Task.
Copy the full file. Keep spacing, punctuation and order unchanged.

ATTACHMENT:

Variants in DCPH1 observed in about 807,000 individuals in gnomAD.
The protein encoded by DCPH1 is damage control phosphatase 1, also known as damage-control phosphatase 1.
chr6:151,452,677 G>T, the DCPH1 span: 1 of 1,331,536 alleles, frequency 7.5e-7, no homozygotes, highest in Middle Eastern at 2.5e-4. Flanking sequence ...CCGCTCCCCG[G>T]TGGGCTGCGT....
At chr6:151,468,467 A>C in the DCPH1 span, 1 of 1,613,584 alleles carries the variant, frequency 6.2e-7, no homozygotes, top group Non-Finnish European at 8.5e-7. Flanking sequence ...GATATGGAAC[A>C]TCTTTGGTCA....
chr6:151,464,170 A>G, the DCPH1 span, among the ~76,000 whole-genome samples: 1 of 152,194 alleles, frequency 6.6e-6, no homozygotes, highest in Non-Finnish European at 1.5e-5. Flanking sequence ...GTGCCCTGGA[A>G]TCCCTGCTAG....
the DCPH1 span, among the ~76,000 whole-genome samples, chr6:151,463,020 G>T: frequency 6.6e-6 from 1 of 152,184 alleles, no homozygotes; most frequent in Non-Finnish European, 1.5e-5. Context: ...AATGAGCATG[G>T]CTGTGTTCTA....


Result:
Variants in DCPH1 observed in about 807,000 individuals in gnomAD.
The protein encoded by DCPH1 is damage control phosphatase 1, also known as damage-control phosphatase 1.
chr6:151,452,677 G>T, the DCPH1 span: 1 of 1,331,536 alleles, frequency 7.5e-7, no homozygotes, highest in Middle Eastern at 2.5e-4. Flanking sequence ...CCGCTCCCCG[G>T]TGGGCTGCGT....
At chr6:151,468,467 A>C in the DCPH1 span, 1 of 1,613,584 alleles carries the variant, frequency 6.2e-7, no homozygotes, top group Non-Finnish European at 8.5e-7. Flanking sequence ...GATATGGAAC[A>C]TCTTTGGTCA....
chr6:151,464,170 A>G, the DCPH1 span, among the ~76,000 whole-genome samples: 1 of 152,194 alleles, frequency 6.6e-6, no homozygotes, highest in Non-Finnish European at 1.5e-5. Flanking sequence ...GTGCCCTGGA[A>G]TCCCTGCTAG....
the DCPH1 span, among the ~76,000 whole-genome samples, chr6:151,463,020 G>T: frequency 6.6e-6 from 1 of 152,184 alleles, no homozygotes; most frequent in Non-Finnish European, 1.5e-5. Context: ...AATGAGCATG[G>T]CTGTGTTCTA....